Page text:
Hemerocallis 'Siloam Fairy Tale'
I purchased this Daylily 'Siloam Fairy Tale' at the Home Depot garden center last year. Actually, I bought two of them because they were on sale and had not yet bloomed and wanted to add to the collection a gardening friend had given me. I've blogged a lot about the pros of buying plants in your neighborhood big box garden centers but there are also cons.
I'm not an expert Hemerocallis breeder or even a serious grower of these popular perennial garden plants but even I can tell that one of these blooms should not have made it past quality control. These plants were grown by a nursery called Hampshire Farms that is located in Hampshire, IL. Whenever I see plants at the garden center by this grower, if I have a choice, I purchase them. Even though I'm purchasing at a big box store buying plants grown by Hampshire Farms makes me "feel good" because I am supporting a local grower who in turn hires people in my state and we all benefit.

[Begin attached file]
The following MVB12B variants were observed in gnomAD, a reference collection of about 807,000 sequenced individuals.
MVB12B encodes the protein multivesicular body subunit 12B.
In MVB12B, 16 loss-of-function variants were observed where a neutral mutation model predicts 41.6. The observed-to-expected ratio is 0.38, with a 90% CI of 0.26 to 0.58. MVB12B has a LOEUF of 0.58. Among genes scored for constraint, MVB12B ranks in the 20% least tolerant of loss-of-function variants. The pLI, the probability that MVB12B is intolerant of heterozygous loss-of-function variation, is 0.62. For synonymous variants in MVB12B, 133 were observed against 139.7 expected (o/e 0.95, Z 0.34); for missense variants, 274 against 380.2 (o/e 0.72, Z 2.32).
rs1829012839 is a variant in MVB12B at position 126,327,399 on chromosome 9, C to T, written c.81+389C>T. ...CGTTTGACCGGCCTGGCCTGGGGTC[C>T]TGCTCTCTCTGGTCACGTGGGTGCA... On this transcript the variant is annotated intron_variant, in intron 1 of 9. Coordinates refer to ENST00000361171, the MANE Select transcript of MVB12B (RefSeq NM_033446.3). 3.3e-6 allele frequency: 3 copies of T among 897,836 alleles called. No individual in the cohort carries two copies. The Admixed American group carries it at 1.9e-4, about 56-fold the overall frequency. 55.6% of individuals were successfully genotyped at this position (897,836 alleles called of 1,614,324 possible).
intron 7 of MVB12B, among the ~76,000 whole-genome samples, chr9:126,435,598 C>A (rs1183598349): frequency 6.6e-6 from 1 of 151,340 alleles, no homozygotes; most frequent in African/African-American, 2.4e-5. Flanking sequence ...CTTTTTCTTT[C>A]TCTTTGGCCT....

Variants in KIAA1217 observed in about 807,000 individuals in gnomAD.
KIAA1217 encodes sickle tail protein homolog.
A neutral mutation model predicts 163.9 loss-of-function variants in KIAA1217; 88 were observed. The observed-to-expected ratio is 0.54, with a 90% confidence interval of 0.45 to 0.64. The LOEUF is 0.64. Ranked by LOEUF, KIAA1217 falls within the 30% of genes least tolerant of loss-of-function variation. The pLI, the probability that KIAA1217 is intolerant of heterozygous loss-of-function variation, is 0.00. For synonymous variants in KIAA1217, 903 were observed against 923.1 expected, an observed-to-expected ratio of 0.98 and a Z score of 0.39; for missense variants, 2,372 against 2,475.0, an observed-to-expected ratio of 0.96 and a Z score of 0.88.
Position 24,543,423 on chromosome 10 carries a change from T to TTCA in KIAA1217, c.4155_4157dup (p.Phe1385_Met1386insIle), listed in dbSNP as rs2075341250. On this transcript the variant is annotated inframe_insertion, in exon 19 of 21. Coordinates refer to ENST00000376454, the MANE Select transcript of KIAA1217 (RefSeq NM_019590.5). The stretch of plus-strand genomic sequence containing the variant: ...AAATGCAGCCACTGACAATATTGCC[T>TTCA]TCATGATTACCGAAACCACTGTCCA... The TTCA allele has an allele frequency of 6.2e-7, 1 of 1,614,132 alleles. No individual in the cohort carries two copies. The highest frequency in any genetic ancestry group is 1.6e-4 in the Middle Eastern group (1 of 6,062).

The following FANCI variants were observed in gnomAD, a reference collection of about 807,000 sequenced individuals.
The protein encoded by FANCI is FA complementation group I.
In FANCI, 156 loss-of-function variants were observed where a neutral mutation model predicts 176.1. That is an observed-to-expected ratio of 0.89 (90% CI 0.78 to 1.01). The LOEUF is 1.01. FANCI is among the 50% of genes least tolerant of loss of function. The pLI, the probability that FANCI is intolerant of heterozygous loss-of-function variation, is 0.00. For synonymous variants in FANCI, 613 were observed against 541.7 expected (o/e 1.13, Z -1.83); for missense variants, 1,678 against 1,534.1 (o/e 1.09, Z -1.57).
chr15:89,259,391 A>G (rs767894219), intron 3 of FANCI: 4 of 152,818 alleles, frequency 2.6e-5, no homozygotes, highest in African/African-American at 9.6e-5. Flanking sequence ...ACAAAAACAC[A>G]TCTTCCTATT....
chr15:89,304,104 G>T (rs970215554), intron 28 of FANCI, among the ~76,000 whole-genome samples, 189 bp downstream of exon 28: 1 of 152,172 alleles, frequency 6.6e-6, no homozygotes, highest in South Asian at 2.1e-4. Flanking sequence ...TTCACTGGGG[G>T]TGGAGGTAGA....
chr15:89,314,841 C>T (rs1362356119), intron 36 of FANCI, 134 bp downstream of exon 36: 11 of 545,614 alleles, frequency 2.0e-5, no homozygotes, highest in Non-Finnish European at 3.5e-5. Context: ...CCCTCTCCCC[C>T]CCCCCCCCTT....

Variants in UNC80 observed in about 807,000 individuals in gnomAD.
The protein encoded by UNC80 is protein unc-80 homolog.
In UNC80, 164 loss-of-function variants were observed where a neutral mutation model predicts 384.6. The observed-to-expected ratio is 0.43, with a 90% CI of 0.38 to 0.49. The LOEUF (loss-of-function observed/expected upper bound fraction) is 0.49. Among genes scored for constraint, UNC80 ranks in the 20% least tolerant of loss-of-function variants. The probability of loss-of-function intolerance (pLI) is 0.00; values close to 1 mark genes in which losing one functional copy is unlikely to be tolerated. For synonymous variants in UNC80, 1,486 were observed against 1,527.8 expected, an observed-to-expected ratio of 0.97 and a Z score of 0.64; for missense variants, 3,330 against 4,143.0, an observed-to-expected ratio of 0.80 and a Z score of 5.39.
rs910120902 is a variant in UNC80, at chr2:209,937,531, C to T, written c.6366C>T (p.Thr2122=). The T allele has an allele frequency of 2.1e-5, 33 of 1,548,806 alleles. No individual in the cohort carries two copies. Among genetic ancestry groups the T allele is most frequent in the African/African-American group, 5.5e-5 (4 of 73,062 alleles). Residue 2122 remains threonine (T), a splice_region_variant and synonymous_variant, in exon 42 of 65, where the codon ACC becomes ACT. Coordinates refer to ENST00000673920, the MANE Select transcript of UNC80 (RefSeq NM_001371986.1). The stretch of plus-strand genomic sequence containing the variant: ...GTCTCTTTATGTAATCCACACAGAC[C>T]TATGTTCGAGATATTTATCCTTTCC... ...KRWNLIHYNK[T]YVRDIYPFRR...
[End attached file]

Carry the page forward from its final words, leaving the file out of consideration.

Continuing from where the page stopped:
But sometimes I come across a dud like the Daylily above and it makes me want to reconsider my pseudo "buy local" gardening philosophy. I purchased these plants because of the photo on the plant label and the description on the back that reads:
'Siloam Fairy Tale' bears pale ivory pink lily flowers with deep orchid eyezones and green throats on erect stems above clumps of grass-like, green foliage.
Sounds nice, huh?
The tag should be amended to say that the colors and blooms will vary and not look like the flower pictured on the other side. If you combine both blooms you get something that looks closer to what is on the plant label minus the distorted petals in the first picture. When I first noticed the imperfect blooms in one of the plants I thought it was charming and convinced myself that I liked ugly things and could find beauty in anything.
A year later I find myself resenting the first plant like a red-headed step child and avoiding eye contact with the flower. I keep playing catch with my nephew in close proximity to it in the hopes that he will trample it to death and give me an excuse to buy another plant. But so far only some poppies and nasturtiums have fallen victim.
The lesson I've learned about buying an important plant like a daylily is to buy it when it is in bloom or buy it from a gardener with a passion for breeding these plants.